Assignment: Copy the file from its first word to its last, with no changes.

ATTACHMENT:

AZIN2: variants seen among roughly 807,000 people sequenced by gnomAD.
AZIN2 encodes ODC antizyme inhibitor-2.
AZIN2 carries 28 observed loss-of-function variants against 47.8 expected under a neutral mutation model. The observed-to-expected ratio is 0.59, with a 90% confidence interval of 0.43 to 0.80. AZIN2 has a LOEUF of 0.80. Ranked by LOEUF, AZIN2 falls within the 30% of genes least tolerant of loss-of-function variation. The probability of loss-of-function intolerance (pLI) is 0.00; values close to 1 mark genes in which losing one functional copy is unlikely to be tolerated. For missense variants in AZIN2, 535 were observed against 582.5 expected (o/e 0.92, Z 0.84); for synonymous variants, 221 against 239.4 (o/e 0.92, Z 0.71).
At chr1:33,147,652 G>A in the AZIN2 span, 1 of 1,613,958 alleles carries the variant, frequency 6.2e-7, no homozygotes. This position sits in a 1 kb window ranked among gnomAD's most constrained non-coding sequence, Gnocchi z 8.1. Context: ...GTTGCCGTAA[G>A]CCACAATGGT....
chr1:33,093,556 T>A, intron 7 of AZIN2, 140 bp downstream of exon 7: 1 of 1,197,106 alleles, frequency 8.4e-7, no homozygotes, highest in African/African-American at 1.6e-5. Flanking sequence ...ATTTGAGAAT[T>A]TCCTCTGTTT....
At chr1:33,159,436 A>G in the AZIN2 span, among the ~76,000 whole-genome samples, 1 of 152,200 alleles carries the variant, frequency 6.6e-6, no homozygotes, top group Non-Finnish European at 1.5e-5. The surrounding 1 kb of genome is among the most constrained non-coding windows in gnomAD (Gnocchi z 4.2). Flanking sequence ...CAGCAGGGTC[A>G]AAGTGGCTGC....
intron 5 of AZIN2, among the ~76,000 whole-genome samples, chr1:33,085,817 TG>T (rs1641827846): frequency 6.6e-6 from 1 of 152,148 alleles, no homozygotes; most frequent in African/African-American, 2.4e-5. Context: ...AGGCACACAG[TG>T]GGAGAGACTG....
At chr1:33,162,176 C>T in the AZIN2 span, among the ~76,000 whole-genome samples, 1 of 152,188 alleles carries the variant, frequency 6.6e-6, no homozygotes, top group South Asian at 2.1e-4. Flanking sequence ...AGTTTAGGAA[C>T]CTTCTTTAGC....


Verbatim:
AZIN2: variants seen among roughly 807,000 people sequenced by gnomAD.
AZIN2 encodes ODC antizyme inhibitor-2.
AZIN2 carries 28 observed loss-of-function variants against 47.8 expected under a neutral mutation model. The observed-to-expected ratio is 0.59, with a 90% confidence interval of 0.43 to 0.80. AZIN2 has a LOEUF of 0.80. Ranked by LOEUF, AZIN2 falls within the 30% of genes least tolerant of loss-of-function variation. The probability of loss-of-function intolerance (pLI) is 0.00; values close to 1 mark genes in which losing one functional copy is unlikely to be tolerated. For missense variants in AZIN2, 535 were observed against 582.5 expected (o/e 0.92, Z 0.84); for synonymous variants, 221 against 239.4 (o/e 0.92, Z 0.71).
At chr1:33,147,652 G>A in the AZIN2 span, 1 of 1,613,958 alleles carries the variant, frequency 6.2e-7, no homozygotes. This position sits in a 1 kb window ranked among gnomAD's most constrained non-coding sequence, Gnocchi z 8.1. Context: ...GTTGCCGTAA[G>A]CCACAATGGT....
chr1:33,093,556 T>A, intron 7 of AZIN2, 140 bp downstream of exon 7: 1 of 1,197,106 alleles, frequency 8.4e-7, no homozygotes, highest in African/African-American at 1.6e-5. Flanking sequence ...ATTTGAGAAT[T>A]TCCTCTGTTT....
At chr1:33,159,436 A>G in the AZIN2 span, among the ~76,000 whole-genome samples, 1 of 152,200 alleles carries the variant, frequency 6.6e-6, no homozygotes, top group Non-Finnish European at 1.5e-5. The surrounding 1 kb of genome is among the most constrained non-coding windows in gnomAD (Gnocchi z 4.2). Flanking sequence ...CAGCAGGGTC[A>G]AAGTGGCTGC....
intron 5 of AZIN2, among the ~76,000 whole-genome samples, chr1:33,085,817 TG>T (rs1641827846): frequency 6.6e-6 from 1 of 152,148 alleles, no homozygotes; most frequent in African/African-American, 2.4e-5. Context: ...AGGCACACAG[TG>T]GGAGAGACTG....
At chr1:33,162,176 C>T in the AZIN2 span, among the ~76,000 whole-genome samples, 1 of 152,188 alleles carries the variant, frequency 6.6e-6, no homozygotes, top group South Asian at 2.1e-4. Flanking sequence ...AGTTTAGGAA[C>T]CTTCTTTAGC....